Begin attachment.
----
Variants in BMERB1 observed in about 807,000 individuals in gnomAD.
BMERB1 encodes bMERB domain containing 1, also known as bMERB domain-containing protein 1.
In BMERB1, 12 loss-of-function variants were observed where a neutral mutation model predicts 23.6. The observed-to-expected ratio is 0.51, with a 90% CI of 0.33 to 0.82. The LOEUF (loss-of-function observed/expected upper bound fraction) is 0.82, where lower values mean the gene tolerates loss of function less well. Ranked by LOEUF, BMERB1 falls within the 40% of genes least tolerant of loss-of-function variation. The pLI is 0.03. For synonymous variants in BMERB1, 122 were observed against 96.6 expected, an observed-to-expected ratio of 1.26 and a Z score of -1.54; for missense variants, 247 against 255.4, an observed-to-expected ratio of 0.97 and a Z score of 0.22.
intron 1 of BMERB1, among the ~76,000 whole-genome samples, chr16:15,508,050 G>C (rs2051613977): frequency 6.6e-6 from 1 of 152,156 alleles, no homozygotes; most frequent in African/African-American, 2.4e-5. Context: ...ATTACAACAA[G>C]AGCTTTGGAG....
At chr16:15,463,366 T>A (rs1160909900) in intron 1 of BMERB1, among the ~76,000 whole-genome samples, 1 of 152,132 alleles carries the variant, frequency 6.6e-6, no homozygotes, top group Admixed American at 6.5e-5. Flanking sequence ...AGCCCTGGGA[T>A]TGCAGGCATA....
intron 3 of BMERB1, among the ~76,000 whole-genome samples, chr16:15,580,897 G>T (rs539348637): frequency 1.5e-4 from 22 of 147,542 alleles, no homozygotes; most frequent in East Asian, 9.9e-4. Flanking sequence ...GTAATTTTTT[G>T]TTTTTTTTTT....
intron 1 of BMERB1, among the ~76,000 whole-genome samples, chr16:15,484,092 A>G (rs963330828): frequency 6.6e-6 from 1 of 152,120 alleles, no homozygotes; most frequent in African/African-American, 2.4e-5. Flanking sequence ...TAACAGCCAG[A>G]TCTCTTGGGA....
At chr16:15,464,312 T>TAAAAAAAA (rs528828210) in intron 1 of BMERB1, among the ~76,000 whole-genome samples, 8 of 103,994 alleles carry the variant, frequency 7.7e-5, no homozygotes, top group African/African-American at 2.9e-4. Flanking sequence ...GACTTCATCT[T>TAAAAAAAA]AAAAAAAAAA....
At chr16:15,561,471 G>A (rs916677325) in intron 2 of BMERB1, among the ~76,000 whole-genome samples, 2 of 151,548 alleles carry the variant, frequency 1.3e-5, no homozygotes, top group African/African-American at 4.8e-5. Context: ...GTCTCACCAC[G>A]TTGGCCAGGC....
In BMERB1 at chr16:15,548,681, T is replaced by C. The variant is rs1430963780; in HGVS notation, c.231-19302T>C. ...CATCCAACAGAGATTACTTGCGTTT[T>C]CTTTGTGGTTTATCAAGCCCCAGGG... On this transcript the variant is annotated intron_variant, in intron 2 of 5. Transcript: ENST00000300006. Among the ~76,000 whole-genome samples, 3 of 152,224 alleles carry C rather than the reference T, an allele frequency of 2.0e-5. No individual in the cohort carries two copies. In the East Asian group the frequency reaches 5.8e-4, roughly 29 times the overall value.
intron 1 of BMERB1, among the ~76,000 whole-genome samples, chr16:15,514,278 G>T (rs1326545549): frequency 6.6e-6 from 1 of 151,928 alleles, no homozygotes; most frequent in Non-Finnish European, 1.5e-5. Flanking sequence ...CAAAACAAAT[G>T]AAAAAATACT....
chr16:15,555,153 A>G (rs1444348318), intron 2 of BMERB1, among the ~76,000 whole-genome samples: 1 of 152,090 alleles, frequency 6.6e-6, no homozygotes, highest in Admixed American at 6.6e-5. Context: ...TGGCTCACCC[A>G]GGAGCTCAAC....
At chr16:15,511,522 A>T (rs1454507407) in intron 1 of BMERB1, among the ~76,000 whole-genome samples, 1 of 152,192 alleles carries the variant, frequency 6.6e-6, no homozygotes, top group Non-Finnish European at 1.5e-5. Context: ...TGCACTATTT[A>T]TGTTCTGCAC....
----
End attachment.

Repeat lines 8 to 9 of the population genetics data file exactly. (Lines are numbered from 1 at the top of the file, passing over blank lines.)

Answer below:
At chr16:15,464,312 T>TAAAAAAAA (rs528828210) in intron 1 of BMERB1, among the ~76,000 whole-genome samples, 8 of 103,994 alleles carry the variant, frequency 7.7e-5, no homozygotes, top group African/African-American at 2.9e-4. Flanking sequence ...GACTTCATCT[T>TAAAAAAAA]AAAAAAAAAA....
At chr16:15,561,471 G>A (rs916677325) in intron 2 of BMERB1, among the ~76,000 whole-genome samples, 2 of 151,548 alleles carry the variant, frequency 1.3e-5, no homozygotes, top group African/African-American at 4.8e-5. Context: ...GTCTCACCAC[G>A]TTGGCCAGGC....